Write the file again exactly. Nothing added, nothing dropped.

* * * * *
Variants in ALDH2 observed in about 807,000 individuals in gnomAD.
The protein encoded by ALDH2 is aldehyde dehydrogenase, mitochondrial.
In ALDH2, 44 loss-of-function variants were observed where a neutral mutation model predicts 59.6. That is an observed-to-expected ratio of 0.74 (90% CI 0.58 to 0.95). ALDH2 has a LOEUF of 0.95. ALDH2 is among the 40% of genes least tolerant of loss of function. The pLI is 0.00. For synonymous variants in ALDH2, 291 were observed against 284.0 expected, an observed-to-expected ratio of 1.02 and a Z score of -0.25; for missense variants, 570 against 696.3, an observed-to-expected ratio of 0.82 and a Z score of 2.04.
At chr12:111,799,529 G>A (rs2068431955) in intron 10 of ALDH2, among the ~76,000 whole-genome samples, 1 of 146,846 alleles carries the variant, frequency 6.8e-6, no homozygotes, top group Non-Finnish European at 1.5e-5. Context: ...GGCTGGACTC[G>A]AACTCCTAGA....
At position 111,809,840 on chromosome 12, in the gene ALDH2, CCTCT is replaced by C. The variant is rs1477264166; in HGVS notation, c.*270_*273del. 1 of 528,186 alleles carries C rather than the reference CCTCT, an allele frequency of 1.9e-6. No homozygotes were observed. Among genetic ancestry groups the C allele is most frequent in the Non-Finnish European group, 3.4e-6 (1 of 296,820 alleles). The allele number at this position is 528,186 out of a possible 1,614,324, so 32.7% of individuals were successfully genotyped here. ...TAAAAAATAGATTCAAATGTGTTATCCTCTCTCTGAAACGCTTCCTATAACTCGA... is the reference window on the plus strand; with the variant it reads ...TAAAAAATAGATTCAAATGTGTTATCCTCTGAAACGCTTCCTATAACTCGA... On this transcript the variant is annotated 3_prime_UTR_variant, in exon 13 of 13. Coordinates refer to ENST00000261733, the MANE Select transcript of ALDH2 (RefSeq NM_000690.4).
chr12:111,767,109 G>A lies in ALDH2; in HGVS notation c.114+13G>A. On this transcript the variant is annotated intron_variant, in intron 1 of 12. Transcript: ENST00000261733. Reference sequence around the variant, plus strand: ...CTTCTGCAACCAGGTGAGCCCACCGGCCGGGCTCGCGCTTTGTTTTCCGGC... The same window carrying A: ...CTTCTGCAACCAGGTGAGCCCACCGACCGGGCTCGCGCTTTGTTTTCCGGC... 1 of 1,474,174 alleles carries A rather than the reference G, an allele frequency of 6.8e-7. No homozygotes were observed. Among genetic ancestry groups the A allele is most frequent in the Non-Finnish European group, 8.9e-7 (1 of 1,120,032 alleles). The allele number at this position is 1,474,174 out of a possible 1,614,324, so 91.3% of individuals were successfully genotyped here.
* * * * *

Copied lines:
Variants in ALDH2 observed in about 807,000 individuals in gnomAD.
The protein encoded by ALDH2 is aldehyde dehydrogenase, mitochondrial.
In ALDH2, 44 loss-of-function variants were observed where a neutral mutation model predicts 59.6. That is an observed-to-expected ratio of 0.74 (90% CI 0.58 to 0.95). ALDH2 has a LOEUF of 0.95. ALDH2 is among the 40% of genes least tolerant of loss of function. The pLI is 0.00. For synonymous variants in ALDH2, 291 were observed against 284.0 expected, an observed-to-expected ratio of 1.02 and a Z score of -0.25; for missense variants, 570 against 696.3, an observed-to-expected ratio of 0.82 and a Z score of 2.04.
At chr12:111,799,529 G>A (rs2068431955) in intron 10 of ALDH2, among the ~76,000 whole-genome samples, 1 of 146,846 alleles carries the variant, frequency 6.8e-6, no homozygotes, top group Non-Finnish European at 1.5e-5. Context: ...GGCTGGACTC[G>A]AACTCCTAGA....
At position 111,809,840 on chromosome 12, in the gene ALDH2, CCTCT is replaced by C. The variant is rs1477264166; in HGVS notation, c.*270_*273del. 1 of 528,186 alleles carries C rather than the reference CCTCT, an allele frequency of 1.9e-6. No homozygotes were observed. Among genetic ancestry groups the C allele is most frequent in the Non-Finnish European group, 3.4e-6 (1 of 296,820 alleles). The allele number at this position is 528,186 out of a possible 1,614,324, so 32.7% of individuals were successfully genotyped here. ...TAAAAAATAGATTCAAATGTGTTATCCTCTCTCTGAAACGCTTCCTATAACTCGA... is the reference window on the plus strand; with the variant it reads ...TAAAAAATAGATTCAAATGTGTTATCCTCTGAAACGCTTCCTATAACTCGA... On this transcript the variant is annotated 3_prime_UTR_variant, in exon 13 of 13. Coordinates refer to ENST00000261733, the MANE Select transcript of ALDH2 (RefSeq NM_000690.4).
chr12:111,767,109 G>A lies in ALDH2; in HGVS notation c.114+13G>A. On this transcript the variant is annotated intron_variant, in intron 1 of 12. Transcript: ENST00000261733. Reference sequence around the variant, plus strand: ...CTTCTGCAACCAGGTGAGCCCACCGGCCGGGCTCGCGCTTTGTTTTCCGGC... The same window carrying A: ...CTTCTGCAACCAGGTGAGCCCACCGACCGGGCTCGCGCTTTGTTTTCCGGC... 1 of 1,474,174 alleles carries A rather than the reference G, an allele frequency of 6.8e-7. No homozygotes were observed. Among genetic ancestry groups the A allele is most frequent in the Non-Finnish European group, 8.9e-7 (1 of 1,120,032 alleles). The allele number at this position is 1,474,174 out of a possible 1,614,324, so 91.3% of individuals were successfully genotyped here.